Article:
In papers I-III, we studied DLBCL patients treated homogeneously with R-CHOP. The negative prognostic impact of double protein expression of MYC and BCL2 so called “double-expressor lymphoma” (DEL) was a common finding in the three papers. In paper I, we detected DEL in 27% of patients, distributed with no significant difference between the germinal center derived B-cell subgroup (GCB) in 52% of cases and the non-GCB subgroup in 37% of cases. There was no significant difference in survival between GCB and non-GCB patients. The diagnosis in most of the patients with DEL was made on core needle biopsy in this paper. This finding was more thoroughly investigated in paper III with attention paid to the site of biopsy. In paper II, we evaluated the concordance of cell of origin (COO) assignment between gene expression profile (GEP) and immunohistochemistry (IHC) to identify the best predictor of survival in a DLBCL cohort including patients from Sweden and Denmark. The overall concordance between the two methods was 83%. We found that ABC/non-GCB subtype identified by both GEP and IHC is associated with the worst outcome. This finding indicates the importance of precise risk stratification in the era of precision medicine. DEL was more common in ABC patients categorized by GEP. In paper III, we identified abdominal lymph node involvement by radiological examination in 63% of DLBCL patients with an inferior survival, adverse clinical characteristics and significantly more frequent DEL. These findings may indicate a distinct biological behavior in patients with abdominal nodal disease. In paper IV, we demonstrated a significant association between IDO1 and PD-L1 in PCNSL patients. This finding indicates the crucial immunosuppressive role of these two molecules. In addition, in PCNSL low frequencies of MYC and BCL2 translocations and high frequency of BCL6 translocation was observed and DEL was detected in 49% of cases. Contrary to our results in systemic DLBCL in papers I-III, there was no significant prognostic impact of DEL in PCNSL.

  • Alternative back contacts for CZTS thin film solar cells Author: Sven Englund Link: http://urn.kb.se/resolve?urn=urn:nbn:se:uu:diva-403583 Publication date: 2020-02-26 13:50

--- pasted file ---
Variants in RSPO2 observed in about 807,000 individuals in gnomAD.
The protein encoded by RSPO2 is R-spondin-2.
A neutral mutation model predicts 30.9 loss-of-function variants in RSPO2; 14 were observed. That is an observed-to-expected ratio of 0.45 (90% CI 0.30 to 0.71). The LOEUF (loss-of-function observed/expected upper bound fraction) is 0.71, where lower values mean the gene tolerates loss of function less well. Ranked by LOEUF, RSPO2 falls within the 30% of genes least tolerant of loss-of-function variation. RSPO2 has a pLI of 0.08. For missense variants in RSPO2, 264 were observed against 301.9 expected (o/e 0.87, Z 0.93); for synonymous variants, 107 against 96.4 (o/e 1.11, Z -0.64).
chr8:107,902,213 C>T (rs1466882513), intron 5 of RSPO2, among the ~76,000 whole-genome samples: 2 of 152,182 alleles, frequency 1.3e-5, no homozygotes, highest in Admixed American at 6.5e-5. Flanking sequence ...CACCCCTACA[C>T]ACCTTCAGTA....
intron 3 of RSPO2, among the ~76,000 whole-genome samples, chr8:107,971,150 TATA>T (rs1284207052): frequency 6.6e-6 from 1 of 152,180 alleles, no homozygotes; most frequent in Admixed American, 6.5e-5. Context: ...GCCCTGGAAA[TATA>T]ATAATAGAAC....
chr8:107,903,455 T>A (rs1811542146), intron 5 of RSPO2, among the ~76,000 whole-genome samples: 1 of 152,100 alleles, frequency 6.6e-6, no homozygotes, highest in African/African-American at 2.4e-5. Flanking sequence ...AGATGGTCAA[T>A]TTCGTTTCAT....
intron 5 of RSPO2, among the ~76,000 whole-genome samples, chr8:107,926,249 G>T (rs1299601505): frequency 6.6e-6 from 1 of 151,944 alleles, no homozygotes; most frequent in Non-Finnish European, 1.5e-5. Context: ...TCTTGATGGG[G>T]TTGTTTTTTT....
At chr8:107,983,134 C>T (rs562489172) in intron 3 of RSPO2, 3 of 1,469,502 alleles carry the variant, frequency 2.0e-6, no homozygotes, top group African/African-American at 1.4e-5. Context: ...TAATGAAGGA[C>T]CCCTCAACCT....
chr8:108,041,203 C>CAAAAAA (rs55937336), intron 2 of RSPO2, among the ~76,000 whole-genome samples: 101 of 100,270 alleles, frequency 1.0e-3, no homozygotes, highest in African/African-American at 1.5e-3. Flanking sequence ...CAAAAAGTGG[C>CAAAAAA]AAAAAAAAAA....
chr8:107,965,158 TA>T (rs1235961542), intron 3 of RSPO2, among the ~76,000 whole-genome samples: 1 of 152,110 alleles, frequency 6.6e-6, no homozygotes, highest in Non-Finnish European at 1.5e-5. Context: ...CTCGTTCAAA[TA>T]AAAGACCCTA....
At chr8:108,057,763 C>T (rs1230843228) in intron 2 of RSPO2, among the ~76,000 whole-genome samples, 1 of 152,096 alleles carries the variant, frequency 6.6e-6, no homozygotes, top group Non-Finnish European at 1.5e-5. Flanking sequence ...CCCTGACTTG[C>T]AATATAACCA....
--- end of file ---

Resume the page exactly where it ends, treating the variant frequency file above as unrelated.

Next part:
In this thesis, alternative back contacts for Cu2ZnSnS4 (CZTS) thin film solar cells were investigated. Back contacts for two different configurations were studied, namely traditional single-junction cells with opaque back contacts and transparent back contacts for possible use in either tandem or bifacial solar cell configuration.

    CZTS is processed under chemically challenging conditions, such as high temperature and high chalcogen partial pressure. This places great demands on the back contact. Mo is the standard choice as back contact, but reacts with chalcogens to form MoS(e)2 while the CZTS decomposes, mainly into detrimental secondary phases. Thin MoS(e)2 is assumed to be beneficial for the electrical contact, but excessive thickness is detrimental to solar cell performance. The back contact acts as diffusion medium for Na during annealing when soda-lime glass is used as substrate. Na influences both defect passivation and doping in CZTS and increases the efficiency of the solar cells. The ability of the back contact to facilitate Na diffusion is an important property that must be monitored.

    Titanium nitride (TiN) as an interlayer between the opaque molybdenum (Mo) and CZTS as well as complete replacement of Mo with TiN back contacts were investigated. TiN was found to be chemically stable in typical anneal conditions. Formation of MoS(e)2 was observed only in areas where the TiN interlayers did not fully cover the Mo, following from the surface roughness of Mo and insufficient step-coverage of the sputter-deposition of TiN. Thick TiN interlayers (200 nm) were found to increase the diffusion of Na to the absorber layer from the glass substrate. For precursors annealed in sulfur atmosphere, improved device efficiency was observed for increased TiN thickness.

    Transparent back contacts can be used in either tandem configurations where two or more absorber materials are used to more efficiently use different parts of the solar spectra, or in bifacial solar cells to allow light to reach the absorber layer from two sides and thus increase the photocurrent. Thus far only a few studies have investigated transparent back contact materials in CZTS solar cell devices. Antimony-doped tin oxide (ATO) was studied as a transparent back contact for CZTS. Annealing of bare ATO resulted in complete reaction with S to form Sn–S compounds. When annealed below the CZTS, ATO was found to be stable at low temperature (<550 °C), and in some aspects even improved its properties. ATO back contacts resulted in significantly increased formation of Sn–S secondary phases on the CZTS absorber surface compared to the Mo reference. Sn–S secondary compounds on the absorber surface made it challenging to obtain good device performance. Adhesion and device behavior could be improved by pre-addition of NaF on the precursor prior to annealing.

Pages